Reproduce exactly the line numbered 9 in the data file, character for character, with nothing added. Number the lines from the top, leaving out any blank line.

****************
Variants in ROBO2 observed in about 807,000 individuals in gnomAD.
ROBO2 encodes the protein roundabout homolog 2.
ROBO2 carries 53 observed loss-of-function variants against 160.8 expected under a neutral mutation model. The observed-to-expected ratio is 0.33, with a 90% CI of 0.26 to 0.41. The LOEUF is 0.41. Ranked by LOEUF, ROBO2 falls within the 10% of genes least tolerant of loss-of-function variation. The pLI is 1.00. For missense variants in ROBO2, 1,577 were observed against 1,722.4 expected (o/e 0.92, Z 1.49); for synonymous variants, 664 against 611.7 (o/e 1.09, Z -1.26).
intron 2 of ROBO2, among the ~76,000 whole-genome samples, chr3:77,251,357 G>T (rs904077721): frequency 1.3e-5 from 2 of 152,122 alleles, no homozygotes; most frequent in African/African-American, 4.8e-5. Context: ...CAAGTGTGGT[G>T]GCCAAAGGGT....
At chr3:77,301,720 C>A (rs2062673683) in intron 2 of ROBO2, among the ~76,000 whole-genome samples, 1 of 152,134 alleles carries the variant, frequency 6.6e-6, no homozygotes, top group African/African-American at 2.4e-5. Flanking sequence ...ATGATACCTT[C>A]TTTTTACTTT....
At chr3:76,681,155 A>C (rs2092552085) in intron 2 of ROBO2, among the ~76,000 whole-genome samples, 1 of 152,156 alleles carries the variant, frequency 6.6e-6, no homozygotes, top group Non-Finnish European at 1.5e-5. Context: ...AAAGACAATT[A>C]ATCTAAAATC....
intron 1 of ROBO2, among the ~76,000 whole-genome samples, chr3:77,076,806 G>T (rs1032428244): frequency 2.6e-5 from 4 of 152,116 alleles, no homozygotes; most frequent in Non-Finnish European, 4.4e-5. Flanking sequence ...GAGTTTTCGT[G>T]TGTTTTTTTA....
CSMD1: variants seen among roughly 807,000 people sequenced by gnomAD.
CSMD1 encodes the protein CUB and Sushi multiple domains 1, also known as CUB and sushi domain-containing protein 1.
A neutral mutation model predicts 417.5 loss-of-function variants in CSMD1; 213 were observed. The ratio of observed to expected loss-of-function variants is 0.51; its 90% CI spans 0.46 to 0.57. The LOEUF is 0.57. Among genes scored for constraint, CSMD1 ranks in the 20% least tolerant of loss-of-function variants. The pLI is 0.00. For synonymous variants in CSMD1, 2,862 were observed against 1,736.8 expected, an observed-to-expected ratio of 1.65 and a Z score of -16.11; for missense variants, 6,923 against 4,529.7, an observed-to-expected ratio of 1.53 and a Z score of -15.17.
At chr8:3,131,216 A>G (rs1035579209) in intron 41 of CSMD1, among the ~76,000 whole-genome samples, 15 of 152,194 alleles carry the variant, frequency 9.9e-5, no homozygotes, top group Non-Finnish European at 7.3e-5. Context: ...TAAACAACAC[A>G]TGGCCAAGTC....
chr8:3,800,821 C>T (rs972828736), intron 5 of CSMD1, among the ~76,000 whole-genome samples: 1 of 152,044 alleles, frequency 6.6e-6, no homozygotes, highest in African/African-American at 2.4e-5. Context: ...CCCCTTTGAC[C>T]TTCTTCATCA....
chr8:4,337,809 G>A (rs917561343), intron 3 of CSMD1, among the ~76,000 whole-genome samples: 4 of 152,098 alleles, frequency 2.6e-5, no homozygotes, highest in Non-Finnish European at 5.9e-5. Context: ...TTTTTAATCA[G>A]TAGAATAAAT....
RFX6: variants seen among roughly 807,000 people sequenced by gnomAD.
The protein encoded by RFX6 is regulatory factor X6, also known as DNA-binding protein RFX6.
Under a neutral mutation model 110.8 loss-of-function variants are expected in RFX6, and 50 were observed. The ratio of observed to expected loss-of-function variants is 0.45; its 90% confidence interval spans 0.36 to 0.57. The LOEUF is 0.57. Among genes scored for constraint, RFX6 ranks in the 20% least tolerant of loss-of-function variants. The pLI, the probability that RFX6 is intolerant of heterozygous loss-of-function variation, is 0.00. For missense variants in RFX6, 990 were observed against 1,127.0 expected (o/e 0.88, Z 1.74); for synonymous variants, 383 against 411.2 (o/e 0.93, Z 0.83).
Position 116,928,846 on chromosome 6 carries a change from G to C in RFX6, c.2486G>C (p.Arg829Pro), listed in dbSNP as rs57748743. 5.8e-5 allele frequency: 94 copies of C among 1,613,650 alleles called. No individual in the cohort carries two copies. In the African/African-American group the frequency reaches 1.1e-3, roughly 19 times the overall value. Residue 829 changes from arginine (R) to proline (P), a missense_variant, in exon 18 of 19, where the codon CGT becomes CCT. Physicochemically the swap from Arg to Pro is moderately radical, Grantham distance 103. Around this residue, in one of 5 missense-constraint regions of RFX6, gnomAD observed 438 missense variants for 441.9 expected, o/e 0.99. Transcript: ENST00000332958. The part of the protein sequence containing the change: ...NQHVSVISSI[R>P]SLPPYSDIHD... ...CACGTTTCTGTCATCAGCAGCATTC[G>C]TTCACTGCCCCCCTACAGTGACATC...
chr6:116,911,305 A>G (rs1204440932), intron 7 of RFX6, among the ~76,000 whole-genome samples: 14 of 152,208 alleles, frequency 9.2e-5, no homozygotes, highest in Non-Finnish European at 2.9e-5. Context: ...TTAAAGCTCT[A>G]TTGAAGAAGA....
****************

CSMD1 encodes the protein CUB and Sushi multiple domains 1, also known as CUB and sushi domain-containing protein 1.